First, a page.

Five RADAR cities inform Gov. Inslee about need for Crisis Triage facility in North King county

Saturday, March 12, 2022

The five RADAR cities: Lake Forest Park, Shoreline, Kirkland, Bothell, Kenmore

On Wednesday, March 1, 2022, Governor Jay Inslee convened the Mayors and City Managers of the Five RADAR Cities (Shoreline, Kenmore, Lake Forest Park, Bothell and Kirkland), as well as the RADAR Navigator Program Manager and key staff from the King County Department of Behavioral Health and Recovery. 

Governor Inslee reached out to the City of Kirkland, because he had heard that the RADAR Cities had been working diligently to create and site a Crisis Triage facility in North King County. The governor expressed support for the endeavor, and work is ongoing to bring this critical resource to our community.

Mayor Mason Thompson, City of Bothell, spoke about the success of the RADAR Navigator Program thus far and the future vision of a comprehensive crisis response system for North King County.

Mayor Mason Thompson of Bothell addressing Gov Inslee.
Photo courtesy Alison Sborov of the Governor’s Office

Mayor Thompson’s comments to the Governor

Governor, we believe we’re on the cusp of something special. The combination of what RADAR (Response Awareness, De-escalation, and Referral) and its mental health professional navigators do are unique in the world of mental health response.
  • RADAR has response plans that allow Navigators to share notes with police in all five cities so that in the future officers can have context around who they’re responding to before they arrive on scene.
  • Rather than a co-responder model where everything is under the police department, or a community-responder model where everything is apart from it, RADAR is moving toward a model where Navigators can respond with or without the police, and share information rather than silo it – so we can have the maximum impact
  • RADAR is ripe to be copied. Partnership with multiple jurisdictions keeps costs low, and we all know this problem doesn’t care about city borders. We’d love to help franchise this across the state.
  • We started this in 2018. We’re not trying to create something, we want to take what’s already here, already working well, and leverage it to have even more impact.
To do that there are big-picture needs that are beyond the scope of even five cities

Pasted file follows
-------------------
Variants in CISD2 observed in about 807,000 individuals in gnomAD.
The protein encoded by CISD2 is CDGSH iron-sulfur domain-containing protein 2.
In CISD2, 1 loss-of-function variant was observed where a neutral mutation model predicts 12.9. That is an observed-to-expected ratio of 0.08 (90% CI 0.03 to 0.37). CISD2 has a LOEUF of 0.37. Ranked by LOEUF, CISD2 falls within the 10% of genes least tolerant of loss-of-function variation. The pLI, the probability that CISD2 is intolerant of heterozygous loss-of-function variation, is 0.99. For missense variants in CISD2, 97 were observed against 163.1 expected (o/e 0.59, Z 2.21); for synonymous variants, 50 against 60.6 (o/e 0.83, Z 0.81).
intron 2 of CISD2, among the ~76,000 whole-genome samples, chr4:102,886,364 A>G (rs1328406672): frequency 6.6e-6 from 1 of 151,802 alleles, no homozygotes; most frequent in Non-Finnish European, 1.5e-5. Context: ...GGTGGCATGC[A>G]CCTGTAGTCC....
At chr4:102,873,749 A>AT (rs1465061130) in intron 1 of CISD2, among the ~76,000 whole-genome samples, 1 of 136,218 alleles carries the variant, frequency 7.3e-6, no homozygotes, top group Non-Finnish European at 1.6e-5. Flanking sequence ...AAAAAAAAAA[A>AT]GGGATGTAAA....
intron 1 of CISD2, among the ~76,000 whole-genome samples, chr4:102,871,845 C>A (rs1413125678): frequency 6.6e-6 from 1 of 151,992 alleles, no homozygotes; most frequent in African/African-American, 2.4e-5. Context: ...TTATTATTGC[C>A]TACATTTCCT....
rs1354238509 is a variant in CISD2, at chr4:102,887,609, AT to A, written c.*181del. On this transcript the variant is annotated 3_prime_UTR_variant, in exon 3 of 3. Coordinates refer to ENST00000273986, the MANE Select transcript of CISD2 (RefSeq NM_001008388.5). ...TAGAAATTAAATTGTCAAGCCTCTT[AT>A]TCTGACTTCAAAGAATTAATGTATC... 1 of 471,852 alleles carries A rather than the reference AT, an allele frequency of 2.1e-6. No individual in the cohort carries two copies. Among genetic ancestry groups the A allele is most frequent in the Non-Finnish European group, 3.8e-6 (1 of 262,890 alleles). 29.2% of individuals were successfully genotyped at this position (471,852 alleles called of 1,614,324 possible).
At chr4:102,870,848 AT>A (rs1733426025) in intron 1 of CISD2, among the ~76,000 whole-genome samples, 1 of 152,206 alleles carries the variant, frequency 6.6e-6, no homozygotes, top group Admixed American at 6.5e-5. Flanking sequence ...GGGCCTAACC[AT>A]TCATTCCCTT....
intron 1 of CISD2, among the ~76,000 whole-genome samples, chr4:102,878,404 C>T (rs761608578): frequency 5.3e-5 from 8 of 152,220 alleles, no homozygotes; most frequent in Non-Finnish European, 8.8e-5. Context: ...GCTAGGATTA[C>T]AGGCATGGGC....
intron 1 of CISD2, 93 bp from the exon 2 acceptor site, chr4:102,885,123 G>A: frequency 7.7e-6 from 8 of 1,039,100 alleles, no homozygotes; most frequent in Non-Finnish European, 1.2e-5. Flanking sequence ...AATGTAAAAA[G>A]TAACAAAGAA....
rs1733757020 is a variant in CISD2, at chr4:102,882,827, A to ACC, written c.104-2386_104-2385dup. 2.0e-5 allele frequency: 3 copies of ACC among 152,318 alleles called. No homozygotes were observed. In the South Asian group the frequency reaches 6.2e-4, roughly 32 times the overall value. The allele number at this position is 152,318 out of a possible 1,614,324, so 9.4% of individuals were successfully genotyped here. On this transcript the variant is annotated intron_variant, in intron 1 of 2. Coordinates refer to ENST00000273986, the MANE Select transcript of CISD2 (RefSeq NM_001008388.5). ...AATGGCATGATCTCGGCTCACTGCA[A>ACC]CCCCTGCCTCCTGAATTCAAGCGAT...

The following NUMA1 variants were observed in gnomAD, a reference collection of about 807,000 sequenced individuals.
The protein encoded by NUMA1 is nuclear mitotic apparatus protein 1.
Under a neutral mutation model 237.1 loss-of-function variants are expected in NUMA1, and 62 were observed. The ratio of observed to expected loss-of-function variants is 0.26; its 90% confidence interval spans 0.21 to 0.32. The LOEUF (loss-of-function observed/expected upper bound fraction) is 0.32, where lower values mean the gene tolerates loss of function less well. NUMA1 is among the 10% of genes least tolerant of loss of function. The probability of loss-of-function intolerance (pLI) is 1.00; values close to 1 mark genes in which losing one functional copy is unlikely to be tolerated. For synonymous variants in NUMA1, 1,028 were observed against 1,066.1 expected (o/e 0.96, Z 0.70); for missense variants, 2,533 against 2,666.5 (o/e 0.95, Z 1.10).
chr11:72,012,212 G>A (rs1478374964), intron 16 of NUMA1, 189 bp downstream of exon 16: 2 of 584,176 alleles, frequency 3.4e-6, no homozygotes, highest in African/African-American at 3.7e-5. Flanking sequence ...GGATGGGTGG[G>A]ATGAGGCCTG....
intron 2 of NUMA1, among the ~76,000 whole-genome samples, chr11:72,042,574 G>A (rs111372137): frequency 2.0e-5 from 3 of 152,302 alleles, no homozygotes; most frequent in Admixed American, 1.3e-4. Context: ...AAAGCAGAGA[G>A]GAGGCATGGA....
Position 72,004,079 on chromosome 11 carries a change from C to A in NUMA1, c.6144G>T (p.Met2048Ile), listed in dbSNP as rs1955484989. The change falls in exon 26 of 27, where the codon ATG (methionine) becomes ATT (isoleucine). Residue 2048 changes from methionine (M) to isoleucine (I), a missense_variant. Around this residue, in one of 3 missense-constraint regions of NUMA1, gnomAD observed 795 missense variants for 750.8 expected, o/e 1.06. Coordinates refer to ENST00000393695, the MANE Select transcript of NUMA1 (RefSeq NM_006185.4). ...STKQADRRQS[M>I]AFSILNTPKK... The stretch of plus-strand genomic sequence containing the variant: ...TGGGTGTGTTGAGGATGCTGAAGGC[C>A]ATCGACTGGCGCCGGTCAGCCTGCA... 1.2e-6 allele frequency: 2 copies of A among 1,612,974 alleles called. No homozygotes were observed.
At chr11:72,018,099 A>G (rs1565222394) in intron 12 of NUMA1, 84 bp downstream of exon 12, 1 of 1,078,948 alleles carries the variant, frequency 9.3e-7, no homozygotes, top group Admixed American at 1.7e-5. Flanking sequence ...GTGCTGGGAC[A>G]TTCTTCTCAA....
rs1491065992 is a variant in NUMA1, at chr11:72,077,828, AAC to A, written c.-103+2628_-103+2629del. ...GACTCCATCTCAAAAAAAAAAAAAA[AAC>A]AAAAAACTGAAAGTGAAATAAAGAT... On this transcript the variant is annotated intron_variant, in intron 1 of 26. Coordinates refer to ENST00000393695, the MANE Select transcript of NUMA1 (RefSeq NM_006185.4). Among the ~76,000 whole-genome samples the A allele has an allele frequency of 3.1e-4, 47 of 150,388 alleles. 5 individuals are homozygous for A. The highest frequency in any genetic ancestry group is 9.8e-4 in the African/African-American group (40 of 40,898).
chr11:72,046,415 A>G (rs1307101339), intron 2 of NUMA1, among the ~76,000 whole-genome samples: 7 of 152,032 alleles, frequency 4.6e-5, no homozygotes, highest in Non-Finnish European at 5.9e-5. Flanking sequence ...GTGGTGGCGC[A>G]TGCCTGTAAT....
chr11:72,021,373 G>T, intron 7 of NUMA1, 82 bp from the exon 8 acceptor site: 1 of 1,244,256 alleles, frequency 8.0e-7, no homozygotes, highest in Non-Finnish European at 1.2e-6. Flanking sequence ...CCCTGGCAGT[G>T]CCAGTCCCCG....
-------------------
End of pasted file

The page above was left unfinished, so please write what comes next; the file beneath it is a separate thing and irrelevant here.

• Crisis care – what we’re here to talk about today. The most well-known community responder examples like Cahoots in Eugene and STAR in Denver are run out of mental health institutions. They can do more than deescalate. They can help with the real problem, not just the symptom.
Our navigators usually have two options. To take people to jail or the hospital, because there are 12 crisis care beds in King County, and the closest to us is Kent.
  • Training/employee pipeline. These positions pay very well for mental health but it is hard to fill them because it’s a unique role. A state-level program similar to the police corps would be very helpful
  • Response plans being shared – An officer knowing people’s triggers and having context before they engage reduces the chance of a first response worst-case scenario. If response plans were uploaded into WSCIC, law enforcement the state over would have the information that Navigators upload.
Kirkland Mayor Penny Sweet welcomes the governor.
Photo courtesy Alison Sborov of the Governor’s Office

All three of these not only make the program more effective, they also make it easier for other cities to adopt. And as other cities adopt this, they start helping even more people, their response plans help our departments, and that’s a really exciting virtuous circle that could help a lot of people. 

I hope you leave here today not just excited about what’s happening in North King County, but excited about the possibility of what could happen in the whole state.

Because with state help, we see a not-distant future in which Washington has a program that can be considered the example in the country. We have political will, supportive police departments, and we’ve learned a lot over the years we’ve already been doing this.

We know that you care about helping to advance necessary conversations – we've seen you lead on the national level. Through RADAR with state help, Washington can lead here too.


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